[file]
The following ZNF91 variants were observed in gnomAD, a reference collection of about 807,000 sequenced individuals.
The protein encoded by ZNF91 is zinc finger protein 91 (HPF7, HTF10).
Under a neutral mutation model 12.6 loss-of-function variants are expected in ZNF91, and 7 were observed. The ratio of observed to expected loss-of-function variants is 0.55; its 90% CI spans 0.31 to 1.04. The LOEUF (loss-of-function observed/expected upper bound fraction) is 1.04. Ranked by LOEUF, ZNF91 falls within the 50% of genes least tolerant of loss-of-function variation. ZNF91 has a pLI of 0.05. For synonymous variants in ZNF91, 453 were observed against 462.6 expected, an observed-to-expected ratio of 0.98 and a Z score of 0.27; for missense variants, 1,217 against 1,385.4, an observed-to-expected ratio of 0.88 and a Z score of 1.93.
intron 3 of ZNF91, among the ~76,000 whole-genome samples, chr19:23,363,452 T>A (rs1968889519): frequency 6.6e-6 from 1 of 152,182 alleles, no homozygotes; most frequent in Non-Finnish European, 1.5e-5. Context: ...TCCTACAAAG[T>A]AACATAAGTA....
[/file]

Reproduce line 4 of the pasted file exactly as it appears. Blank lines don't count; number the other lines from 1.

intron 3 of ZNF91, among the ~76,000 whole-genome samples, chr19:23,363,452 T>A (rs1968889519): frequency 6.6e-6 from 1 of 152,182 alleles, no homozygotes; most frequent in Non-Finnish European, 1.5e-5. Context: ...TCCTACAAAG[T>A]AACATAAGTA....